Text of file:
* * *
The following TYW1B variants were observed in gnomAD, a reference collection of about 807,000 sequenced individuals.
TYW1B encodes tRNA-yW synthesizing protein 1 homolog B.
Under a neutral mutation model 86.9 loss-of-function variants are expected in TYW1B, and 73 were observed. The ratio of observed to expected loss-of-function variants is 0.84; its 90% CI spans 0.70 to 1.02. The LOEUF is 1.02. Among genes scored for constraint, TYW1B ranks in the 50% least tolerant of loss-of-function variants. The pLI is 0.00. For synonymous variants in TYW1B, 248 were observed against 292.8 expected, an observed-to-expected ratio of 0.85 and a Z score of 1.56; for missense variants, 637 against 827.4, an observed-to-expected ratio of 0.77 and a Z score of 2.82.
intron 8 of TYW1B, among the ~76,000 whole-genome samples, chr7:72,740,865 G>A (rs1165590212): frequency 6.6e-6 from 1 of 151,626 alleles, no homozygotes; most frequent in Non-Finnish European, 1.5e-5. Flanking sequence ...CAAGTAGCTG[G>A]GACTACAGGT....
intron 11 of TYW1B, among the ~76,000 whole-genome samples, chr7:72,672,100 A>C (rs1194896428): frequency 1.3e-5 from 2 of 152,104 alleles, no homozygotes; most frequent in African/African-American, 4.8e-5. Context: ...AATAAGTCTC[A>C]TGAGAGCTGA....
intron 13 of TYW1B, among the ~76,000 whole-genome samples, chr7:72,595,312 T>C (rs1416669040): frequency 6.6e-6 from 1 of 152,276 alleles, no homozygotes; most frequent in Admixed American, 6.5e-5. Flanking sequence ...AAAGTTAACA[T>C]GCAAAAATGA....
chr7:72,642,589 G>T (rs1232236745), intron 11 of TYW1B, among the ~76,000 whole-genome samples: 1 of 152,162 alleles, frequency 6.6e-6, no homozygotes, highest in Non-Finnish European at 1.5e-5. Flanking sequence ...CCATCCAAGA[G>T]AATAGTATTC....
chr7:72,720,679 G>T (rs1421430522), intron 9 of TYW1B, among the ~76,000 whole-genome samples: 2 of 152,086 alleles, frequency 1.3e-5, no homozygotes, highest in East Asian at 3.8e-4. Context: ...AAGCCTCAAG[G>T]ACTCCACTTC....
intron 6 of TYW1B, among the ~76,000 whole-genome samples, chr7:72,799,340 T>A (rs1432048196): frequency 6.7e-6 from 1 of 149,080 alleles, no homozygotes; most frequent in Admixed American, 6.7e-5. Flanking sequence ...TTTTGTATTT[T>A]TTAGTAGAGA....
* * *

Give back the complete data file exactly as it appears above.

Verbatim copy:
The following TYW1B variants were observed in gnomAD, a reference collection of about 807,000 sequenced individuals.
TYW1B encodes tRNA-yW synthesizing protein 1 homolog B.
Under a neutral mutation model 86.9 loss-of-function variants are expected in TYW1B, and 73 were observed. The ratio of observed to expected loss-of-function variants is 0.84; its 90% CI spans 0.70 to 1.02. The LOEUF is 1.02. Among genes scored for constraint, TYW1B ranks in the 50% least tolerant of loss-of-function variants. The pLI is 0.00. For synonymous variants in TYW1B, 248 were observed against 292.8 expected, an observed-to-expected ratio of 0.85 and a Z score of 1.56; for missense variants, 637 against 827.4, an observed-to-expected ratio of 0.77 and a Z score of 2.82.
intron 8 of TYW1B, among the ~76,000 whole-genome samples, chr7:72,740,865 G>A (rs1165590212): frequency 6.6e-6 from 1 of 151,626 alleles, no homozygotes; most frequent in Non-Finnish European, 1.5e-5. Flanking sequence ...CAAGTAGCTG[G>A]GACTACAGGT....
intron 11 of TYW1B, among the ~76,000 whole-genome samples, chr7:72,672,100 A>C (rs1194896428): frequency 1.3e-5 from 2 of 152,104 alleles, no homozygotes; most frequent in African/African-American, 4.8e-5. Context: ...AATAAGTCTC[A>C]TGAGAGCTGA....
intron 13 of TYW1B, among the ~76,000 whole-genome samples, chr7:72,595,312 T>C (rs1416669040): frequency 6.6e-6 from 1 of 152,276 alleles, no homozygotes; most frequent in Admixed American, 6.5e-5. Flanking sequence ...AAAGTTAACA[T>C]GCAAAAATGA....
chr7:72,642,589 G>T (rs1232236745), intron 11 of TYW1B, among the ~76,000 whole-genome samples: 1 of 152,162 alleles, frequency 6.6e-6, no homozygotes, highest in Non-Finnish European at 1.5e-5. Flanking sequence ...CCATCCAAGA[G>T]AATAGTATTC....
chr7:72,720,679 G>T (rs1421430522), intron 9 of TYW1B, among the ~76,000 whole-genome samples: 2 of 152,086 alleles, frequency 1.3e-5, no homozygotes, highest in East Asian at 3.8e-4. Context: ...AAGCCTCAAG[G>T]ACTCCACTTC....
intron 6 of TYW1B, among the ~76,000 whole-genome samples, chr7:72,799,340 T>A (rs1432048196): frequency 6.7e-6 from 1 of 149,080 alleles, no homozygotes; most frequent in Admixed American, 6.7e-5. Flanking sequence ...TTTTGTATTT[T>A]TTAGTAGAGA....